Incumbent presidential candidate Nicolas Maduro prioritised visits to dissatisfied campesino communities over April 28-29 as part of a campaign strategy aimed at shoring up support in rural communities that have traditionally voted overwhelmingly for both ex-president Hugo Chavez and Maduro.
The countryside represents a critical constituency for the government in the upcoming May 20 election.
There have been rising tensions in recent months between campesino communities and the state headed by Maduro, including ever more frequent violent evictions, persecution and electoral disputes.
During his visit to Carora in the rural western state of Lara on April 28, Maduro met with Angel Prado from El Maizal Commune, which is comprised of 22 communal councils located on the border between Lara and Portuguesa state.
Prado stoked controversy in last December’s municipal elections when he ran on a left-wing ticket without the backing of the ruling United Socialist Party of Venezuela (PSUV) and beat the government’s candidate with 57% of the vote.
He was, however, denied the position of mayor of Simon Planas municipality by the National Constituent Assembly on a bureaucratic technicality, causing tension between grassroots Chavista activists and the Bolivarian government.
El Maizal Commune, which supported Prado’s December candidacy, is one of the best organised in Venezuela, producing significant amounts of milk, corn and other agricultural products on previously abandoned land. It is working towards founding a communal city.
While in Lara, Maduro made no mention of the December elections nor Prado’s ongoing legal challenge to the result, though the encounter between Maduro and Prado is the first time the two have been seen side-by-side since the dispute erupted.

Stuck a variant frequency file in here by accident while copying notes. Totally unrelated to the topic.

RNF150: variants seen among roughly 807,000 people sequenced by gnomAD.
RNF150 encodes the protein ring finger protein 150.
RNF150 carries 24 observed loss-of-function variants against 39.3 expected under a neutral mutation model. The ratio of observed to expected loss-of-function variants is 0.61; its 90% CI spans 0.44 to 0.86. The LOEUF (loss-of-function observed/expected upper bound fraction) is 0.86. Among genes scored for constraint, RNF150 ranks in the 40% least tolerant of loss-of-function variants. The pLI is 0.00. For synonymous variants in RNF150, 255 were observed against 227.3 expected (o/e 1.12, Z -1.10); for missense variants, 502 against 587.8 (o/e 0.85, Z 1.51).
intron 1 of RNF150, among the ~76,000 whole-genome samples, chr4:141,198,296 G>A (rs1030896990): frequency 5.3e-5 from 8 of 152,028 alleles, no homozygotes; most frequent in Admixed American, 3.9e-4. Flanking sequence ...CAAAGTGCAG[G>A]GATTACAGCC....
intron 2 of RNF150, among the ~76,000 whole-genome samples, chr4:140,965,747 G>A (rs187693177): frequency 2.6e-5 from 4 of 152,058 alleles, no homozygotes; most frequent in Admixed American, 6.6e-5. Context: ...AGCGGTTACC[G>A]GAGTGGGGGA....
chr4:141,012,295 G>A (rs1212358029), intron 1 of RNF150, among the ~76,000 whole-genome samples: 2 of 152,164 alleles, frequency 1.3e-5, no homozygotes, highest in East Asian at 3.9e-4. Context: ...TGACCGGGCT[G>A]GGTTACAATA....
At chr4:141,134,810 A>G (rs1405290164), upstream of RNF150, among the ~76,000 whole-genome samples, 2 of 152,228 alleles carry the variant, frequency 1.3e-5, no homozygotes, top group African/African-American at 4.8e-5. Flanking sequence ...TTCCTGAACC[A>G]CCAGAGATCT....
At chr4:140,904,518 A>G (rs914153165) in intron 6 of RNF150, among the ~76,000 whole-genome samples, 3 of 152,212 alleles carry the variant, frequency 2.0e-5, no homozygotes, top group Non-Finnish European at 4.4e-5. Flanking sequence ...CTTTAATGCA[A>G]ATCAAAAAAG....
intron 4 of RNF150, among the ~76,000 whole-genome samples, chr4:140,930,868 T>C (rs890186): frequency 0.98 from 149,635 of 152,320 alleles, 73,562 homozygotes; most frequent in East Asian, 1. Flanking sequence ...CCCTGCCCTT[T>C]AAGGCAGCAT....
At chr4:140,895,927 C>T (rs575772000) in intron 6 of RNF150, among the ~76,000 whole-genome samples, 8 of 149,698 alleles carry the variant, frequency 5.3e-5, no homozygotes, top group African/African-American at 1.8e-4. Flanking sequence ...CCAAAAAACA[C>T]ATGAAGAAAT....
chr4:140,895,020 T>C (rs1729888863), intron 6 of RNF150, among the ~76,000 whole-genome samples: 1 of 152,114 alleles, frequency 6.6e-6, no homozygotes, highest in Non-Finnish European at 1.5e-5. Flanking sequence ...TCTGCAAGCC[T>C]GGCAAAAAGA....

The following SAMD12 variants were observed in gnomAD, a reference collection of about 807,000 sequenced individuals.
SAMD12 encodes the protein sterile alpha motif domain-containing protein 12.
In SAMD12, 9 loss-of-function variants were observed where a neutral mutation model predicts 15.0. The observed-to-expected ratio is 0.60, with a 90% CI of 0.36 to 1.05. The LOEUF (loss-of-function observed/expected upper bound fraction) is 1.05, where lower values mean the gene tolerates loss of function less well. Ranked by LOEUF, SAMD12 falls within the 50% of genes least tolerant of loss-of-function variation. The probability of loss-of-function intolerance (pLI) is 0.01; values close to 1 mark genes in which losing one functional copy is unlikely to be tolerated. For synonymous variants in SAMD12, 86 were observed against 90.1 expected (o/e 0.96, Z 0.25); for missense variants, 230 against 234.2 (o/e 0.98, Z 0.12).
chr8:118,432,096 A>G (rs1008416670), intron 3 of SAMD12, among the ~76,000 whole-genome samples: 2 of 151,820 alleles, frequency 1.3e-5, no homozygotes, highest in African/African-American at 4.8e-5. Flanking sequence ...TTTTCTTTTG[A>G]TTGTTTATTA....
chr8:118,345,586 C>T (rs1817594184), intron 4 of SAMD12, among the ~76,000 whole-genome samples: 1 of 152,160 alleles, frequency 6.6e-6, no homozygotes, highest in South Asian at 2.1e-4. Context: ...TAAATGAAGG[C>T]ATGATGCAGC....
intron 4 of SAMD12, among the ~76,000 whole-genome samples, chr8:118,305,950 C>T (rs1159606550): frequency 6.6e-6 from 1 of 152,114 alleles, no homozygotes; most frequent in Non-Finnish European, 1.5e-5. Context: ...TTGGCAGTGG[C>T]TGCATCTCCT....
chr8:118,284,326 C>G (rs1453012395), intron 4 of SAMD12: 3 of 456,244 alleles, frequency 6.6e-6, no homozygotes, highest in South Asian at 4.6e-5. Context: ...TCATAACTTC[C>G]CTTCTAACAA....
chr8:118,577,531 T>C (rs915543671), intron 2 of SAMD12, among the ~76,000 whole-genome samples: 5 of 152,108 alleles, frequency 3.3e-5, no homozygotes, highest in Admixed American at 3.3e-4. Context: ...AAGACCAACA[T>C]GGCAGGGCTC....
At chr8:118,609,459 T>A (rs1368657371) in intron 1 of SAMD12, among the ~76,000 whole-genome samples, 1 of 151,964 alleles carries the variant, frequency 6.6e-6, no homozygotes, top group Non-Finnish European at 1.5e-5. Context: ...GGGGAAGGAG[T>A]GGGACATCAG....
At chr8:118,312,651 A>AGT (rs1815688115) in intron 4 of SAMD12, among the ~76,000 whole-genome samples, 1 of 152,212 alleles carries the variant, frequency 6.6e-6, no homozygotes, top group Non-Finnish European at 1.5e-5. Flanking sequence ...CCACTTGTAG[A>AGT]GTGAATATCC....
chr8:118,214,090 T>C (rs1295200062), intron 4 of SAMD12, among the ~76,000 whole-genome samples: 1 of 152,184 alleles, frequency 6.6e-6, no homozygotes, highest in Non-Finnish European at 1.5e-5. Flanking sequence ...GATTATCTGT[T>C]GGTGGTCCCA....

Before the visit, Maduro made a campaign stop in Merida state where he visited the El Vigia campesino communities, another site of recent friction between Chavista communities and the government.
In March, 32 campesinos were unlawfully imprisoned for 10 days after occupying idle land in El Vigia, prompting a popular outcry that ultimately led to their release.
Following the incident, Maduro announced an official shift in state policy, outlawing forced land removals and ordering preferential treatment for land arbitration cases involving productive campesino communities.
In another instance of the government responding to campesino grievances, the National Land Institute (INTI) recently handed over 2733 hectares of disputed land to previously persecuted rural communities in Barinas state. The communities are looking to develop agricultural and cattle farming on the previously unproductive land.
The section of the Gavilan-La Chaqueta farm was taken over by rural workers two years ago with an eye to producing in the fertile area in accordance with Venezuela’s land reform legislation. This law empowers campesinos to legally occupy idle private land and put it to use.
However, at the behest of local landlords, more than 100 campesinos involved in the occupation were violently evicted and arrested by authorities in February. They were released in March following grassroots pressure.
The land hand-over signifies a significant victory for rural communities in Barinas.
These advances have been facilitated by the re-opening of talks between INTI, the Ministry of Popular Power for Agriculture and Land and campesino representatives from seven states on April 22, with the Gavilan-La Chaqueta land hand-over being the first concrete result.
[Abridged from Venezuela Analysis.]